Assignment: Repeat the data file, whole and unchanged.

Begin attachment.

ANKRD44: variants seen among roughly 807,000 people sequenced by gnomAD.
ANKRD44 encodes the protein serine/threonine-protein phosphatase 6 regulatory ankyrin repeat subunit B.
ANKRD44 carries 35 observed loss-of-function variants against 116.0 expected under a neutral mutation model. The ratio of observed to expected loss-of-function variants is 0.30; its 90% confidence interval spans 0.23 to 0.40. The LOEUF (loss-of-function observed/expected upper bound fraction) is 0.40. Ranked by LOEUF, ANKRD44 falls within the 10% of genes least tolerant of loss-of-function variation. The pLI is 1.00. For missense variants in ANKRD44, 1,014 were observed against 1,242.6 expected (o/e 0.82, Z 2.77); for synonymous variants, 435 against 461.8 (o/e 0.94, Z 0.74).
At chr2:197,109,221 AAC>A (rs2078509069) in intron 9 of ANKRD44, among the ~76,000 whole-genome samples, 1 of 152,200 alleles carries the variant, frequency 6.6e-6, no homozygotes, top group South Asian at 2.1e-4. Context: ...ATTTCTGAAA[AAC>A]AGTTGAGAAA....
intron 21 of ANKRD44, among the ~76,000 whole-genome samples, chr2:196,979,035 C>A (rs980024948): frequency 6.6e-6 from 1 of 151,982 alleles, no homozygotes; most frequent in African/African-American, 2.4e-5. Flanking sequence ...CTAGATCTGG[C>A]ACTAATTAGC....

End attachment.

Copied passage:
ANKRD44: variants seen among roughly 807,000 people sequenced by gnomAD.
ANKRD44 encodes the protein serine/threonine-protein phosphatase 6 regulatory ankyrin repeat subunit B.
ANKRD44 carries 35 observed loss-of-function variants against 116.0 expected under a neutral mutation model. The ratio of observed to expected loss-of-function variants is 0.30; its 90% confidence interval spans 0.23 to 0.40. The LOEUF (loss-of-function observed/expected upper bound fraction) is 0.40. Ranked by LOEUF, ANKRD44 falls within the 10% of genes least tolerant of loss-of-function variation. The pLI is 1.00. For missense variants in ANKRD44, 1,014 were observed against 1,242.6 expected (o/e 0.82, Z 2.77); for synonymous variants, 435 against 461.8 (o/e 0.94, Z 0.74).
At chr2:197,109,221 AAC>A (rs2078509069) in intron 9 of ANKRD44, among the ~76,000 whole-genome samples, 1 of 152,200 alleles carries the variant, frequency 6.6e-6, no homozygotes, top group South Asian at 2.1e-4. Context: ...ATTTCTGAAA[AAC>A]AGTTGAGAAA....
intron 21 of ANKRD44, among the ~76,000 whole-genome samples, chr2:196,979,035 C>A (rs980024948): frequency 6.6e-6 from 1 of 151,982 alleles, no homozygotes; most frequent in African/African-American, 2.4e-5. Flanking sequence ...CTAGATCTGG[C>A]ACTAATTAGC....